“There were games when it looked like it wasn't going to be very promising, not just to get wins but to be competitive,'' McKenna said. “But to Coach's credit and to the players' credit, we just kept grinding away.
“That's been Dana's MO over the years. He's a grinder kind of guy. He's not overly flashy or tries to wow you. But he's always plugging away. In the end, that got results.''
Away from the court, Altman's first season in Oregon has been one of adjustment. He brought assistant Brian Fish with him from Creighton and hired McKenna, who had been with him for nine seasons in Omaha, away from Indiana State. Altman brought son Jordan, who had been a graduate assistant under McKenna, in to be his video coordinator.
“Dana had some familiar people around, and I think that helped,'' said Reva Altman, his wife of 28 years. “Still, it was tough on Dana because we left family and friends behind, as well as the school that he poured his whole heart into for 16 years.
“But coming here has been easy, too. It's been a wonderful experience, and the university and people have been great.''
Reva and daughter Audra remained in Omaha until Audra graduated from Millard West High School in December. She is now a student at Oregon, and Dana and Reva are living in an apartment while they continue a laborious search for a new home.
“It's working out,'' she said, “but I'm ready for a house.''
Altman admits the eight months he was in Oregon without his wife and daughter were difficult. His other two sons, Chase and Spencer, also remained in Omaha.
“Having Jordan around was good,'' Altman said. “Having Audra in school here has been good. I really miss Chase and Spencer, but it's really good to have the others here. Those first eight months were tough.''
Altman's father, Lyle, has made three trips to Oregon. When Altman was at Creighton, his dad rarely missed a game, home or away.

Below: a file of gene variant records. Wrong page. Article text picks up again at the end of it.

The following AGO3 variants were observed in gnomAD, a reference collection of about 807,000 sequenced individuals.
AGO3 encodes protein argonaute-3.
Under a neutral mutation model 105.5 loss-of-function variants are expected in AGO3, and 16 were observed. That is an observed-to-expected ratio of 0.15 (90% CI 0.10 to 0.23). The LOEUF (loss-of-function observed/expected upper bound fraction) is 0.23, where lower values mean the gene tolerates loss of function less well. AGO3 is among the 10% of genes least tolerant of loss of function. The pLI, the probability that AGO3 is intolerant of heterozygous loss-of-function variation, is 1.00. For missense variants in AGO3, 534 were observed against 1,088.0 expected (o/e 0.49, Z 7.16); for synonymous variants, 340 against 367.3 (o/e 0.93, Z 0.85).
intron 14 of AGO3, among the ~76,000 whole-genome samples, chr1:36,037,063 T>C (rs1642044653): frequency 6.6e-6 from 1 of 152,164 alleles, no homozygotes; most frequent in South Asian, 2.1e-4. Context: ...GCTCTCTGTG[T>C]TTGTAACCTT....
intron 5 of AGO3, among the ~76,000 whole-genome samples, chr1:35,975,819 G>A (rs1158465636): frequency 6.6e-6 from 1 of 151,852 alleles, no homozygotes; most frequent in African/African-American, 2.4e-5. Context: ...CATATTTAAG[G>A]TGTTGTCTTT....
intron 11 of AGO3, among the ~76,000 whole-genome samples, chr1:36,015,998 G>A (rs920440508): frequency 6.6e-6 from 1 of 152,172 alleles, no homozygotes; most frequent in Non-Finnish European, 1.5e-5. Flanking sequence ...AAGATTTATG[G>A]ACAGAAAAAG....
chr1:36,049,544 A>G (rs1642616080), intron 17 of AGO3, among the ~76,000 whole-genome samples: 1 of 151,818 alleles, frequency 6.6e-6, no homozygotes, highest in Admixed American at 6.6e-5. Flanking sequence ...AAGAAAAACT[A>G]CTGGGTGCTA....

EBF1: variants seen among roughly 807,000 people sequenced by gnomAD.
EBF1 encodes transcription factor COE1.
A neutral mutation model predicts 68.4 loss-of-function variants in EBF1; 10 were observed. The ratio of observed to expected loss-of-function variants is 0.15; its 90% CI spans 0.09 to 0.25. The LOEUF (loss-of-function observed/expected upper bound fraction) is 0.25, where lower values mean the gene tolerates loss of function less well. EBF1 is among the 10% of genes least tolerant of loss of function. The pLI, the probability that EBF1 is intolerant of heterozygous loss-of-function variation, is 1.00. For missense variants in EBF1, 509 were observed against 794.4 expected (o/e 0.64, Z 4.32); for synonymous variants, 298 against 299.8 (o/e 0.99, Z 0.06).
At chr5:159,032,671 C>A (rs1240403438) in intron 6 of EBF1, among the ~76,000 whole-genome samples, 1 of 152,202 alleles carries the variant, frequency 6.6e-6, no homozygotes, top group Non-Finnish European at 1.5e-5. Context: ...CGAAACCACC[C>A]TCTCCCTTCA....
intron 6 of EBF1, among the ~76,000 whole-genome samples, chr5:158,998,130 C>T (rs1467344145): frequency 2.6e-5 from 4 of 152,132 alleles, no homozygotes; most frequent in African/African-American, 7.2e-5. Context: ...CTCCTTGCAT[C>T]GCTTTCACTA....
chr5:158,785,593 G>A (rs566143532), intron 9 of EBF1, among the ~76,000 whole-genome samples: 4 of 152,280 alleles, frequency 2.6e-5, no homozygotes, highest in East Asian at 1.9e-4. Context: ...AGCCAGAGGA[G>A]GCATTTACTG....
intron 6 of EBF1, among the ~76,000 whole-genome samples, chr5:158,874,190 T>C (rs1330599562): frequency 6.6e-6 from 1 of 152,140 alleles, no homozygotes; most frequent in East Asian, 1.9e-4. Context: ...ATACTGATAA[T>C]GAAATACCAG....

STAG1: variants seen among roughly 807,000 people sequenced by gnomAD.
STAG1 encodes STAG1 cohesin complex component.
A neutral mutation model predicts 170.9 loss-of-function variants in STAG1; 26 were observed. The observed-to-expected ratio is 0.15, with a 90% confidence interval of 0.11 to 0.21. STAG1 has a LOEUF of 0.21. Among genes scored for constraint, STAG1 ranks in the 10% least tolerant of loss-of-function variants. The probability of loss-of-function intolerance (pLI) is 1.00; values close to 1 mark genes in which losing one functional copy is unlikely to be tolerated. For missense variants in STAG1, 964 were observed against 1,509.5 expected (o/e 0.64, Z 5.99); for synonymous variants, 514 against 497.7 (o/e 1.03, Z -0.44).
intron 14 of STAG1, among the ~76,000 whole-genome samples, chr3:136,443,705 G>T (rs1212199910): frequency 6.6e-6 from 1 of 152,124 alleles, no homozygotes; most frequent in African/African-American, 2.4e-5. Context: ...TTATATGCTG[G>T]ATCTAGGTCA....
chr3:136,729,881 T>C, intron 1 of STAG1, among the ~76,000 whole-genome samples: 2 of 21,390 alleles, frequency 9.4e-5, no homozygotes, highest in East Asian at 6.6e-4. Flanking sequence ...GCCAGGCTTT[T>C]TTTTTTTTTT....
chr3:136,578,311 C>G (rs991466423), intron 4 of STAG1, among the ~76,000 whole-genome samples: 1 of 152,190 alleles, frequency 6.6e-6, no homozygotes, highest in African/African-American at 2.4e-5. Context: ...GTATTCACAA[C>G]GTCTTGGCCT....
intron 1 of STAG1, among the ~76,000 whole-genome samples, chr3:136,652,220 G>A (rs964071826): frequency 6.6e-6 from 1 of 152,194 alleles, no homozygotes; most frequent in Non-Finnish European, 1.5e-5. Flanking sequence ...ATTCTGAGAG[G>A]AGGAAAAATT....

Altman has kept in close touch with Rasmussen, his former boss and friend at Creighton. They talk several times a week, with the conversations rarely gravitating toward basketball.
“It's like any friends talking,'' Altman said. “We talk about what's going on with family, what we're doing. Really don't talk much ball.''
Altman misses the friends he grew close to during his time in Omaha. The rigors of establishing his program have kept him from developing a lot of close friends in his new surroundings.
“We played some golf before the season started, and we'd meet a few guys here and there,'' McKenna said. “It's nothing like the relationships we had at Creighton or I had at Indiana State. Those things take time.
“It's a process, and it's like anything else. You have to get your work done before you have fun.''
In addition to friends, Altman misses other aspects of the life he had grown used to Omaha. There is no Bohemian Café in Eugene, a community of about 150,000 with a more liberal bent than the more conservative Midwest where Altman lived most of his 52 years. He hasn't found anywhere to get a kolache, a Bohemian pastry.
“Other than that, the people here have been great, just as they were at Creighton and everywhere else I've been,'' Altman said. “The people are just like in the Midwest, just a little more liberal than I'm used to.
“A lot of the time, you wouldn't know if you were in Oregon or Nebraska.''
McKenna has seen other changes in his boss.
“This is more of a casual working environment than it was at Creighton,'' he said. “It's not as corporate, and I think Coach is loosening up a bit. He's more loose with stuff. He doesn't tuck his shirt in all the time.''
The first season ended with a strange twist for Altman, who had to face his old school in the best-of-three championship series of the CBI. That required a trip back to Omaha for the opening game, to play in an arena where he had enjoyed great success and against players he had coached for several years.
He agonized over the trip back home.
“There was a lot of emotion there,'' McKenna said. “There were a lot of people he likes and respects. It was really emotional before and after the game. It was neat seeing everybody, but once the game began, it was just a basketball game.''
The crowd of 12,381 at Qwest Center Omaha gave Altman a nice ovation when he entered the arena shortly before game time. Creighton then went out and posted an 84-76 victory that, according to several people who know Altman well, left the coach despondent after the game.
“Coaching for 30 years and being older and wiser hasn't made losing any easier,'' Reva Altman said. “He wants to win. He works hard and he wants that effort to pay off.''